Computer analysis of student writing can be broken into three parts: text analyzers, which provide feedback about readability, sentence length, and other quantitative dimensions; prewriting computer programs, which question the writer about the topic and subject matter in an attempt to assist with organization of the writing; and grammar checkers, which offer information about grammar and punctuation usage.

Richard Atkinson described three modes of computer-assisted instruction.4 They are "drill and practice" software, where students are presented with a linear set of lessons, followed immediately by tests of the concept, "but no real-time decisions are made for modifying the flow of instructional material as a function of the student's response history. …

The rest of this article is only available to active members of Questia

Sign up now for a free, 1-day trial and receive full access to:

  • Questia's entire collection
  • Automatic bibliography creation
  • More helpful research tools like notes, citations, and highlights
  • Ad-free environment

Already a member? Log in now.

Notes for this article

Add a new note
If you are trying to select text to create highlights or citations, remember that you must now click or tap on the first word, and then click or tap on the last word.
One moment ...
Default project is now your active project.
Project items

Items saved from this article

This article has been saved
Highlights (0)
Some of your highlights are legacy items.

Highlights saved before July 30, 2012 will not be displayed on their respective source pages.

You can easily re-create the highlights by opening the book page or article, selecting the text, and clicking “Highlight.”

Citations (0)
Some of your citations are legacy items.

Any citation created before July 30, 2012 will labeled as a “Cited page.” New citations will be saved as cited passages, pages or articles.

We also added the ability to view new citations from your projects or the book or article where you created them.

Notes (0)
Bookmarks (0)

You have no saved items from this article

Project items include:
  • Saved book/article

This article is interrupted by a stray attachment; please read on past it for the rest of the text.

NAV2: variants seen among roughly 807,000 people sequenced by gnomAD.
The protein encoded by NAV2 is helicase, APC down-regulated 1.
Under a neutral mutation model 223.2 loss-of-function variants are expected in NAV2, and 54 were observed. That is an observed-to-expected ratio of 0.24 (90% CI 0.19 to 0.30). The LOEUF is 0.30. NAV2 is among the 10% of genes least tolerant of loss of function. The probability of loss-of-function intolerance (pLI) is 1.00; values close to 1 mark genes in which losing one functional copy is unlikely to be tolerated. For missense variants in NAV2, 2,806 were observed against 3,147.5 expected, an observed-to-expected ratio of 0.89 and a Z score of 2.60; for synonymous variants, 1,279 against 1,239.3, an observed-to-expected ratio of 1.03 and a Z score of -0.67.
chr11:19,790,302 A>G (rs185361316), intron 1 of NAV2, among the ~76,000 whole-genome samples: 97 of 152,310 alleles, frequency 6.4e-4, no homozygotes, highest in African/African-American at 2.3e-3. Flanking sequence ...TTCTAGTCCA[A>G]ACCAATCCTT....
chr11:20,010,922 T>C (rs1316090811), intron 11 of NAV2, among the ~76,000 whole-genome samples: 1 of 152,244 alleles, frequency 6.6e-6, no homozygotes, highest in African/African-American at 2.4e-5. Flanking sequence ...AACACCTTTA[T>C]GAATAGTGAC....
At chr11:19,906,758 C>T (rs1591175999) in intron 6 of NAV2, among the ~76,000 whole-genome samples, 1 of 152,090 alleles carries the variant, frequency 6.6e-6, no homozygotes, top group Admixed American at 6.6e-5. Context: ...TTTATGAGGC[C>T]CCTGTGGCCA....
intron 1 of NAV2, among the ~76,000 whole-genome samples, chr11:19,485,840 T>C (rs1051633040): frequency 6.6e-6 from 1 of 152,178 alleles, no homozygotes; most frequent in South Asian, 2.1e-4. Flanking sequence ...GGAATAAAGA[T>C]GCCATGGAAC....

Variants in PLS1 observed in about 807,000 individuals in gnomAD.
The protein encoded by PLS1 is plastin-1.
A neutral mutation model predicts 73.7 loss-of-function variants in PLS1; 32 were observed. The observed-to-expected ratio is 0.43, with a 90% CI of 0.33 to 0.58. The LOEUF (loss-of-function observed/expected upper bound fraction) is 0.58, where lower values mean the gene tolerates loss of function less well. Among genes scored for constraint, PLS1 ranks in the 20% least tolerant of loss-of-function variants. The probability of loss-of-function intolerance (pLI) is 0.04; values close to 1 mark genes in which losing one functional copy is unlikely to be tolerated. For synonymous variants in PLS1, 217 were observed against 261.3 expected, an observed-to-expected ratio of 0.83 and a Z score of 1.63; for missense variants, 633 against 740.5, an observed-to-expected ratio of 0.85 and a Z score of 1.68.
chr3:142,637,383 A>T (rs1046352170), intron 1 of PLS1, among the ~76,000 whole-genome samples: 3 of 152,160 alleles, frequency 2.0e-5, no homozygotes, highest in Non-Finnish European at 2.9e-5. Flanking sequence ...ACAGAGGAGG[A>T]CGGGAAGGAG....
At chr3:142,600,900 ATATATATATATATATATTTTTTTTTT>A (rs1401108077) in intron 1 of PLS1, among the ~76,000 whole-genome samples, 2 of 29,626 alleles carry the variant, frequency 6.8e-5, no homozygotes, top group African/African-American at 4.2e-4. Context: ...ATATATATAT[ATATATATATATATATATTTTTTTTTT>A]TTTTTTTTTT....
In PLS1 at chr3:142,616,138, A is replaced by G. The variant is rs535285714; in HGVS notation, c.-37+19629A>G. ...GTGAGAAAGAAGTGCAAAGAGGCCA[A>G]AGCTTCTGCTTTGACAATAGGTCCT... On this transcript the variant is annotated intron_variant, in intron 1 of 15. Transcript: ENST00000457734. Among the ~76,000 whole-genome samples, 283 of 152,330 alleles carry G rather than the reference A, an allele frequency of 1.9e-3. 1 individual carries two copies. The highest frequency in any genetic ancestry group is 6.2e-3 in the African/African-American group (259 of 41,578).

• Highlights
  • Quotes/citations
  • Notes
  • Bookmarks
Notes
Cite this article

Cited article

Style
Citations are available only to our active members.
Sign up now to cite pages or passages in MLA, APA and Chicago citation styles.

(Einhorn, 1992, p. 25)

(Einhorn 25)

1

1. Lois J. Einhorn, Abraham Lincoln, the Orator: Penetrating the Lincoln Legend (Westport, CT: Greenwood Press, 1992), 25, http://www.questia.com/read/27419298.

Cited article

Improving Student Writing Using a Web-Based Targeted Approach to Grammar System (TAGS)
Settings

Settings

Typeface
Text size Smaller Larger Reset View mode
Search within

Search within this article

Look up

Look up a word

  • Dictionary
  • Thesaurus
Please submit a word or phrase above.
Print this page

Print this page

Why can't I print more than one page at a time?

Full screen

matching results for page

Cited passage

Style
Citations are available only to our active members.
Sign up now to cite pages or passages in MLA, APA and Chicago citation styles.

"Portraying himself as an honest, ordinary person helped Lincoln identify with his audiences." (Einhorn, 1992, p. 25).

"Portraying himself as an honest, ordinary person helped Lincoln identify with his audiences." (Einhorn 25)

"Portraying himself as an honest, ordinary person helped Lincoln identify with his audiences."1

1. Lois J. Einhorn, Abraham Lincoln, the Orator: Penetrating the Lincoln Legend (Westport, CT: Greenwood Press, 1992), 25, http://www.questia.com/read/27419298.

Cited passage

Thanks for trying Questia!

Please continue trying out our research tools, but please note, full functionality is available only to our active members.

Your work will be lost once you leave this Web page.

For full access in an ad-free environment, sign up now for a FREE, 1-day trial.

Already a member? Log in now.